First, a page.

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Integrating planning and PD saves time, gets results

by Sarah Tierney

If there’s one thing teachers and school leaders are short on, it’s time.

This universal truth is what led Marilyn McCottrell, a principal with the AUSL school management organization in Chicago, to streamline her sessions with her teachers. Instead of carving out separate times for professional development and curriculum planning, she’s found a way to enable teachers and leaders to tackle both of these critical aspects of their work at the same time.

“I used to spend time reviewing lessons that had already been written,” Marilyn says. “But now I've switched to planning side-by-side with teachers and infusing standards-study into the analysis of our curriculum, EngageNY. It's more practical and hits many of the levers we were pulling in isolation last year during the same one-hour planning session.” Marilyn’s approach transforms the everyday act of planning a unit or lesson into hands-on professional development for teachers.

PD that's practical and in a real-world context

Instead of presenting new instructional strategies abstractly, Marilyn's approach to professional development transforms the everyday act of planning into hands-on professional development for teachers. Too often, PD lives in its own world, detached from the very thing it must impact in order to be effective—teaching and learning. Teachers are left to figure out on their own how to translate new ideas into the classroom.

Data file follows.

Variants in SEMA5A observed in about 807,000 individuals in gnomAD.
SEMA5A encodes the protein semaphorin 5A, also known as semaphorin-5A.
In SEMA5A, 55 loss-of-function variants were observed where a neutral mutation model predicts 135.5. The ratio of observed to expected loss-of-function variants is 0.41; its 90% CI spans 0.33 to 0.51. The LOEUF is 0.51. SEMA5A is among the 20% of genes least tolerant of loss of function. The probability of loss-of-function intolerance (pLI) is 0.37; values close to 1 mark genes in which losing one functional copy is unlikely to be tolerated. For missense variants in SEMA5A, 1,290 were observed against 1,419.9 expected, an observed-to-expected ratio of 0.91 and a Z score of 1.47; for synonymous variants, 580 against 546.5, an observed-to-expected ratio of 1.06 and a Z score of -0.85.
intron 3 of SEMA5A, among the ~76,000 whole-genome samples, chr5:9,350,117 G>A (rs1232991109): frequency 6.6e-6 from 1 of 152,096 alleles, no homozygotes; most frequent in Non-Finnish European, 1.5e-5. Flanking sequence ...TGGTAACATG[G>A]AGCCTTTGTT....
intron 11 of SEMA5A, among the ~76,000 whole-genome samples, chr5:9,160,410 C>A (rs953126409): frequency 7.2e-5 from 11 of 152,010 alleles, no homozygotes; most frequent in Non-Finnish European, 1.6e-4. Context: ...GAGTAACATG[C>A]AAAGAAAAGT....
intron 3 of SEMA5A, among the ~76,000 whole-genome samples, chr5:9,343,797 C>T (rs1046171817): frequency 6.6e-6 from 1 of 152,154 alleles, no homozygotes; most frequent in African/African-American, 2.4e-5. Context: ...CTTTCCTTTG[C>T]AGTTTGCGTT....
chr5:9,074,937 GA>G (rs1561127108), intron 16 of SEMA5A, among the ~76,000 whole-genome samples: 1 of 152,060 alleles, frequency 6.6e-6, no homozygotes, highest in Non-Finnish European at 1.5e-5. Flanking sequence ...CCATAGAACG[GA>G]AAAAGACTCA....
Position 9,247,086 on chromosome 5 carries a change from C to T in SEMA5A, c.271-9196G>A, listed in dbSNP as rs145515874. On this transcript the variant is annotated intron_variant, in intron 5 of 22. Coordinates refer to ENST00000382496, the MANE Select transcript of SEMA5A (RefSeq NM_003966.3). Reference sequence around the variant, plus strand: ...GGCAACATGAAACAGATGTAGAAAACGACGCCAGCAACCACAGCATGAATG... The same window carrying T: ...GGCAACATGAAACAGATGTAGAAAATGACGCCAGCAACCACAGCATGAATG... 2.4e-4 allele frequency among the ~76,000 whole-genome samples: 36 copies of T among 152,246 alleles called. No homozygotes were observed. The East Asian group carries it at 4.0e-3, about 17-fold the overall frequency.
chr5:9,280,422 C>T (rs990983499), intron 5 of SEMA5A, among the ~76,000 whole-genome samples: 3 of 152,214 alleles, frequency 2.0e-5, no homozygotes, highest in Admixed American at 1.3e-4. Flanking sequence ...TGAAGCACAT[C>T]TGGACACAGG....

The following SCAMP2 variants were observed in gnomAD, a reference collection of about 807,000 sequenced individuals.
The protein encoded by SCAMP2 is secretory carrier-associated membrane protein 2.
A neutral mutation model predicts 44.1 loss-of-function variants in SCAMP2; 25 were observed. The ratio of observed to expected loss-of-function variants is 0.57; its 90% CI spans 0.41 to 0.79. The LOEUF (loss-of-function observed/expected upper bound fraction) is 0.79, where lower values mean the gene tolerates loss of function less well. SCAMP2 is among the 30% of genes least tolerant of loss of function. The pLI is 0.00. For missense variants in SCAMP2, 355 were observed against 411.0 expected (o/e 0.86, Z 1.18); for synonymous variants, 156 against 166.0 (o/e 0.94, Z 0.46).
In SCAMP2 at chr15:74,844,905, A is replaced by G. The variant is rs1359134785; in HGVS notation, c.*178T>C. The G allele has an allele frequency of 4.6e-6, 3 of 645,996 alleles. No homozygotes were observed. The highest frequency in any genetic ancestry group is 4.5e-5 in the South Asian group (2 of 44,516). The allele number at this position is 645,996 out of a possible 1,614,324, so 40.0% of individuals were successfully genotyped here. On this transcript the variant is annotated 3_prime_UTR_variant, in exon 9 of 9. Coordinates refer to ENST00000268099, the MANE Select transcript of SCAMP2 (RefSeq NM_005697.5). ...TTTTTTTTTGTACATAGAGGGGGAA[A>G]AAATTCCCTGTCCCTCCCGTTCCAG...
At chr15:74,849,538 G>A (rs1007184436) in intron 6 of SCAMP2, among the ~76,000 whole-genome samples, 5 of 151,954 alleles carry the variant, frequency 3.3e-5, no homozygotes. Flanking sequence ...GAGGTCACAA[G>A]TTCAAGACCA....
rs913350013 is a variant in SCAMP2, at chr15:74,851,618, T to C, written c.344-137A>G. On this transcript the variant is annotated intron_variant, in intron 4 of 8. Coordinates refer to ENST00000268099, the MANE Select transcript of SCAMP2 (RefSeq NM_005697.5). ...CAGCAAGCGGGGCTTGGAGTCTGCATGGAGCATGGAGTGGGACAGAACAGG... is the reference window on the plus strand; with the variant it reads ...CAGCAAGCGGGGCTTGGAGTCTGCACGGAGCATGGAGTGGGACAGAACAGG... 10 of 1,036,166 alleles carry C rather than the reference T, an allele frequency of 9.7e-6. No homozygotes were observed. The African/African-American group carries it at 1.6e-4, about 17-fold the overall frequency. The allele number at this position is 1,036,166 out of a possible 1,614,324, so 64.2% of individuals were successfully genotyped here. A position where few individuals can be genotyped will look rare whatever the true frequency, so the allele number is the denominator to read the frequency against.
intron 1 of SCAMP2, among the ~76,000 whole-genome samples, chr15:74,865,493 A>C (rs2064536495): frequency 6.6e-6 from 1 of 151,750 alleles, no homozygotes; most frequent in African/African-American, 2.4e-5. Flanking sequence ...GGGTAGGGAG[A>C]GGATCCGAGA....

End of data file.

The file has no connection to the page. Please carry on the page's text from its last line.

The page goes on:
Marilyn describes just how difficult putting PD into practice can be: “Imagine providing professional development on discussion techniques like turn and talk or think-pair-share to a teacher. It may seem easy to a more experienced teacher to strategically implement these teaching moves into a lesson, but that can be scary for a novice who can probably list ten other things they are struggling with that can get in the way of prioritizing discussion."

When leaders and teachers plan side-by-side and spend the majority of their time discussing when and how to embed an instructional practice into an actual lesson, that newly acquired learning comes to life in an intentional and authentic way. As any teacher knows, putting what you learn into practice helps new knowledge stick. 

Increased efficiency, better collaboration

Besides being an incredible time saver, combining PD and curriculum planning paves the way for productive collaboration between teachers and leaders. Marilyn and her leadership team get their hands dirty working through the actual content of lessons with teachers—solving math problems and reading through texts. This intellectual preparation sets teachers up to push students’ thinking and anticipate where students may struggle. This process encourages teachers and leaders to listen to and learn from one another; and they develop a shared understanding of what instructional excellence looks like in the classroom as they plan and talk through lessons.

Students feel the impact of a more comprehensive approach to planning, too. “More intentionality on the teacher's part means students are more likely to be presented with well-paced, objective-aligned learning tasks, and exit slips that truly measure what was taught,” Marilyn observes. And that kind of connected learning is what we want for all teachers and students.


Sarah is a director of new partnerships and former coach at ANet. 

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